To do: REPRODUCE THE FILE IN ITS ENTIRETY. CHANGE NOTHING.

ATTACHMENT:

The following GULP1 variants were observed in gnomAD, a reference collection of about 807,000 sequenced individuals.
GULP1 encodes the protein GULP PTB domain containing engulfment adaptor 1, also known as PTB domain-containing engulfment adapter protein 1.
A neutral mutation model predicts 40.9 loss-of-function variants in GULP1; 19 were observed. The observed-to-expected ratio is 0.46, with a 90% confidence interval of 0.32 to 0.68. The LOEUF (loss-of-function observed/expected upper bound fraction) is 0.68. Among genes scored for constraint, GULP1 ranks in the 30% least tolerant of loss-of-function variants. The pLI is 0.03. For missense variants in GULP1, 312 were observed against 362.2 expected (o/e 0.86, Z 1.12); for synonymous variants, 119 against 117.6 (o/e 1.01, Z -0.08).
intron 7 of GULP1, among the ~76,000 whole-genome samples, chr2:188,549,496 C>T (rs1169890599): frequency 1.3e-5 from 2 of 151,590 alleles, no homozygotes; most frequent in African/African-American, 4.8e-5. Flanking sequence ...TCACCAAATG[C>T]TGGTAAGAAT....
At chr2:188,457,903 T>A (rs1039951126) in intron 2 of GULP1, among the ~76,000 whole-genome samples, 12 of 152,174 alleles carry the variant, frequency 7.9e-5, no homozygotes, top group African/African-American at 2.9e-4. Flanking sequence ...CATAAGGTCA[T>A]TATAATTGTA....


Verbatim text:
The following GULP1 variants were observed in gnomAD, a reference collection of about 807,000 sequenced individuals.
GULP1 encodes the protein GULP PTB domain containing engulfment adaptor 1, also known as PTB domain-containing engulfment adapter protein 1.
A neutral mutation model predicts 40.9 loss-of-function variants in GULP1; 19 were observed. The observed-to-expected ratio is 0.46, with a 90% confidence interval of 0.32 to 0.68. The LOEUF (loss-of-function observed/expected upper bound fraction) is 0.68. Among genes scored for constraint, GULP1 ranks in the 30% least tolerant of loss-of-function variants. The pLI is 0.03. For missense variants in GULP1, 312 were observed against 362.2 expected (o/e 0.86, Z 1.12); for synonymous variants, 119 against 117.6 (o/e 1.01, Z -0.08).
intron 7 of GULP1, among the ~76,000 whole-genome samples, chr2:188,549,496 C>T (rs1169890599): frequency 1.3e-5 from 2 of 151,590 alleles, no homozygotes; most frequent in African/African-American, 4.8e-5. Flanking sequence ...TCACCAAATG[C>T]TGGTAAGAAT....
At chr2:188,457,903 T>A (rs1039951126) in intron 2 of GULP1, among the ~76,000 whole-genome samples, 12 of 152,174 alleles carry the variant, frequency 7.9e-5, no homozygotes, top group African/African-American at 2.9e-4. Flanking sequence ...CATAAGGTCA[T>A]TATAATTGTA....